Meet the Green Entrepreneur Who Wants to Make Renewable Energy Accessible For All
When he completed his studies at the Singapore Management University in 2004, Robin Pho had no plans to join Ponco, his family’s Indonesia‑based manpower business. His father had successfully steered the company to become a manpower supplier to the country’s oil and gas industry, and Pho wanted to pursue his own career in private banking.
The founder and CEO of Right People Renewable Energy (RPRE) explains, “Prior to joining the family business, I was working at ABN Amro and UBS in wealth management. I learnt many things, made many friends, and lived a comfortable life travelling the world for business. However, in 2008, my father suffered a critical heart valve failure and I quit my banking job to return and help the family business.”
Pho joined the company full‑time in 2008, and spent the years after his father’s passing in 2014 contemplating how to steer the business forward. He also enrolled at private university Insead in 2017 to pursue his Global Executive MBA. It was then that he decided to set up RPRE, with the goal of pivoting the business to focus on combating climate change. “Being a second-generation family business, we had the benefit of years of success in our Indonesian manpower business. This meant that the company could provide the seed funding needed to kickstart RPRE. We also have a competitive advantage from other startups as we are equipped with the business know-how in Indonesia, compared to those who started from scratch.”
Today, RPRE is based in both Singapore and Indonesia, and is focused on helping off-grid communities make the switch from fossil fuels to solar energy. Pho expounds that it’s tougher for these communities to change because there is no reliable central electrical grid in remote locations. Hence, they often have to generate energy using diesel generators that cause pollution and harm to the people and environment around them. Competitors in the solar industry are also reluctant to take on off-grid projects after factoring in the unfavourable circumstances involved, typically caused by logistical challenges and a lack of basic facilities. This includes no access to clean water and rudimentary living conditions when installing solar infrastructures.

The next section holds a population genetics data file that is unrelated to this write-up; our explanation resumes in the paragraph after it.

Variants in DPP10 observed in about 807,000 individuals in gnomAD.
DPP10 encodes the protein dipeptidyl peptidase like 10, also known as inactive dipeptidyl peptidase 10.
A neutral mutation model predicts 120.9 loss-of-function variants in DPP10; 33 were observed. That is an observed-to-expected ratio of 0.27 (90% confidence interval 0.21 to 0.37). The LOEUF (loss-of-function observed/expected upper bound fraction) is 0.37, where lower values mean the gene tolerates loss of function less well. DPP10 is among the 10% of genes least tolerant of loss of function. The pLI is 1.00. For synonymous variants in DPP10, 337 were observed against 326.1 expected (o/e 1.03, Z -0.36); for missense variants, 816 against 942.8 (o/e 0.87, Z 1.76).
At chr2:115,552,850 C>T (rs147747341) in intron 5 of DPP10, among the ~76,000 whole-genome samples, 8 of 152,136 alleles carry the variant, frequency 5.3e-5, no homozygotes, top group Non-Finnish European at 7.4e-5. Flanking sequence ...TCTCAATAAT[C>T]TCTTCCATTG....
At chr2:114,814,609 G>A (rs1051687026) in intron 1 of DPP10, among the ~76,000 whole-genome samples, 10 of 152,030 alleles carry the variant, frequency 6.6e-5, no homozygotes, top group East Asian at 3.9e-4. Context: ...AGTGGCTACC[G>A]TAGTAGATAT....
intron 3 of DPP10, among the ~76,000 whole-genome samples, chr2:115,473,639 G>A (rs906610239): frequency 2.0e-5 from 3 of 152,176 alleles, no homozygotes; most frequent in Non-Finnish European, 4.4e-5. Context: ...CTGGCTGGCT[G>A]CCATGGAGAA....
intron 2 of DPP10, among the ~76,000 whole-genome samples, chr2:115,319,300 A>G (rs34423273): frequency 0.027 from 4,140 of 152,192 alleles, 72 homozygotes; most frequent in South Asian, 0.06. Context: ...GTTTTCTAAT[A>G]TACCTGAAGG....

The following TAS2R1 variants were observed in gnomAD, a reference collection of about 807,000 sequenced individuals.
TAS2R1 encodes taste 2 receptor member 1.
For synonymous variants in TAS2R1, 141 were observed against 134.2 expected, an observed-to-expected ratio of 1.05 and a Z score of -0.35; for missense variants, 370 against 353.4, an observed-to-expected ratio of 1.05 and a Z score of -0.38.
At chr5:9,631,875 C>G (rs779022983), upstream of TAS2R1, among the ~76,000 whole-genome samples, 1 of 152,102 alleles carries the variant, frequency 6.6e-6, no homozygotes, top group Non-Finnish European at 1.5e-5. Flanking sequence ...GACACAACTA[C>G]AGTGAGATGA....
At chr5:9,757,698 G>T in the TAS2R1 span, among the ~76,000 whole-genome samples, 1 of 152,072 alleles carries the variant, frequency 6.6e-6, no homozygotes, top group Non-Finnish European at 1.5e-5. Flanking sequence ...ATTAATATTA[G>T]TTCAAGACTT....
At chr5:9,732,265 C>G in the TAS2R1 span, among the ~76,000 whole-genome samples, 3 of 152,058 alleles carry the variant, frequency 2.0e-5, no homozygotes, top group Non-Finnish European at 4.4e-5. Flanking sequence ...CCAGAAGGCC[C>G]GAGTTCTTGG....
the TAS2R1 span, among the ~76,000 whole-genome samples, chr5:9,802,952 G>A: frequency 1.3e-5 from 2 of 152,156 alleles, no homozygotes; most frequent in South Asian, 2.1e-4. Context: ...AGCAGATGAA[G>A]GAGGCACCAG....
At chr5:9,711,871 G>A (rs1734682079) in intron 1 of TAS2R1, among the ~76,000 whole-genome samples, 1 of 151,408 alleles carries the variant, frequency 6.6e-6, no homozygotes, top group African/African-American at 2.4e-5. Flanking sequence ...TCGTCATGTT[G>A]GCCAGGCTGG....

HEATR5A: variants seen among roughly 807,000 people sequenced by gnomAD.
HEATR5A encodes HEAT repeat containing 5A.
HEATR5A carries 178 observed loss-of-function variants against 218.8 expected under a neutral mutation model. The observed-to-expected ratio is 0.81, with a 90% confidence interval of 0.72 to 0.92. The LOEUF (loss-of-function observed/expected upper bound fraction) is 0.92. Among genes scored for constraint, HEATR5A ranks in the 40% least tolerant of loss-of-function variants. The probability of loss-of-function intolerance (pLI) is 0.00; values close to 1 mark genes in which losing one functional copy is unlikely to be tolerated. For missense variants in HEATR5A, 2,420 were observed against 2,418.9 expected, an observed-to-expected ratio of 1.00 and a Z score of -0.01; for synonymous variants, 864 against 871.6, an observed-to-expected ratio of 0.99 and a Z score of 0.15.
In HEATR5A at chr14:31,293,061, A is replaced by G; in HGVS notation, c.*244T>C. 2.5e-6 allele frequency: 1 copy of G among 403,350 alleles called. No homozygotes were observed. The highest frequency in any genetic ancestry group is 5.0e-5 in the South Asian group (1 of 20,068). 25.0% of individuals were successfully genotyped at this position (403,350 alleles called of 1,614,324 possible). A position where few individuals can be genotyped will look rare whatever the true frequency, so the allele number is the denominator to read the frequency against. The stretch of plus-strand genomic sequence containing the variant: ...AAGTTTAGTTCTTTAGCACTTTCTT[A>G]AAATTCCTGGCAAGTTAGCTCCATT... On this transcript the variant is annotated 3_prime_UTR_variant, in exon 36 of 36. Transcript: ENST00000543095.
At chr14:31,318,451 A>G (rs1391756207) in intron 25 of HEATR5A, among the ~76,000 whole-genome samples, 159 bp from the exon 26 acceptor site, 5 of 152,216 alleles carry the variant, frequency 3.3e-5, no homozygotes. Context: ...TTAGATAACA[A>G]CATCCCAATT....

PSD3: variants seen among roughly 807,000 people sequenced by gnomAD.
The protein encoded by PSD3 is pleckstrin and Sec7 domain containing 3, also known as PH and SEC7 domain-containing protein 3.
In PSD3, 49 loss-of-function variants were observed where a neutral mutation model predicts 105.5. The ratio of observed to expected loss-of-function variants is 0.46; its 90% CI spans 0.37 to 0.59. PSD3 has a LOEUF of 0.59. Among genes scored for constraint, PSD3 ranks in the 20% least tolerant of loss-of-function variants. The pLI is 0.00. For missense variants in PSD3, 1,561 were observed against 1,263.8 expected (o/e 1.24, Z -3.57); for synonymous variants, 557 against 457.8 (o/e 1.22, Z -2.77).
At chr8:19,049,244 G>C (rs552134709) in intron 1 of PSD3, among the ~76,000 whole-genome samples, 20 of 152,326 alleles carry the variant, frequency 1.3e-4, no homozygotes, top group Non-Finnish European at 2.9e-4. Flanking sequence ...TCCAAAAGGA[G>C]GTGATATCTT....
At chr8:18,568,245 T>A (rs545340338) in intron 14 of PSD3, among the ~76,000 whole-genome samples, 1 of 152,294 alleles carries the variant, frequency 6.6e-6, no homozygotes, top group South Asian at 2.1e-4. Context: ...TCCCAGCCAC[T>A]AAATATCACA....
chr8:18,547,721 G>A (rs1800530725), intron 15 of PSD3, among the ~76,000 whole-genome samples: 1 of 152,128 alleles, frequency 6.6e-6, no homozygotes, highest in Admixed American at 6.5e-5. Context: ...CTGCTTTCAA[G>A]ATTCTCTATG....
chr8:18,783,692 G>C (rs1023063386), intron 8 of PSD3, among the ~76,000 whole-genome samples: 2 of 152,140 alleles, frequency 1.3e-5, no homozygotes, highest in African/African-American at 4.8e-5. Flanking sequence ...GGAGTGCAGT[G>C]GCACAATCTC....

“I encourage my team to be the ‘special forces of renewable energy’, to go deep into unknown territories with limited manpower and resources to execute honourable missions that others can’t, or refuse to carry out.” With reference to Indonesia, he says, “Indonesia has a population of over 250 million people and a significant proportion still lives in remote areas. When we serve an off-grid community, we are making a big difference to the lives of many who are still living at the bottom of the pyramid.”
The company prides itself in serving three main pillars: people, planet and profits. Pho states, “We want our business to be a force for good and make positive impact both socially and on the environment.”
Today, RPRE is the only certified B corporation offering renewable energy solutions in Southeast Asia. (Businesses with the accreditation have struck a balance between profit and purpose). The company was also recognised as the National Volunteer and Philanthropy Centre’s Champion of Good last year for its inclusive hiring policies and positive contributions to the environment.
Aside from aiding off-grid communities, Pho also wishes to export Singapore’s greatest assets—its people, skills and knowledge—to make a positive impact globally. “Switching to 100 per cent clean energy is just half the battle, and it’s equally important to focus on energy efficiency and reduce the total energy consumption,” Pho shares. Among its many projects in Singapore, RPRE was vital in helping a floating fish farm off Pulau Semakau in installing a solar photovoltaic (PV) system and energy storage solution that enable them to have clean operations—completely powered by the sun.
Pho is also committed to helping the world’s only floating hospital barge, run by non-profit organisation DoctorShare, to adopt solar energy and batteries. “For over 10 years, DoctorShare has provided critical medical support to remote communities in Indonesia. They currently rely on old diesel generators on board for power, and we plan to fundraise and install solar equipment and batteries for them to eliminate their need for diesel.” Pho estimates to complete this project by end-2021, after delays due to the pandemic.
But what drives this entrepreneur in his quest to save the planet? Pho admits that apart from his twin boys—for whom he wishes to build a better future—the legacy of his late father continues to inspire him every day.
“My father was an intuitive entrepreneur, he often made decisions based on gut feel and not on financial models built on Excel. His can-do spirit lives in me, and I often imagine what he would say when I find myself in doubt. Next year would be the 50th anniversary of our family business. I can only hope I haven’t let him down, and have been a responsible steward in steering the family business forward."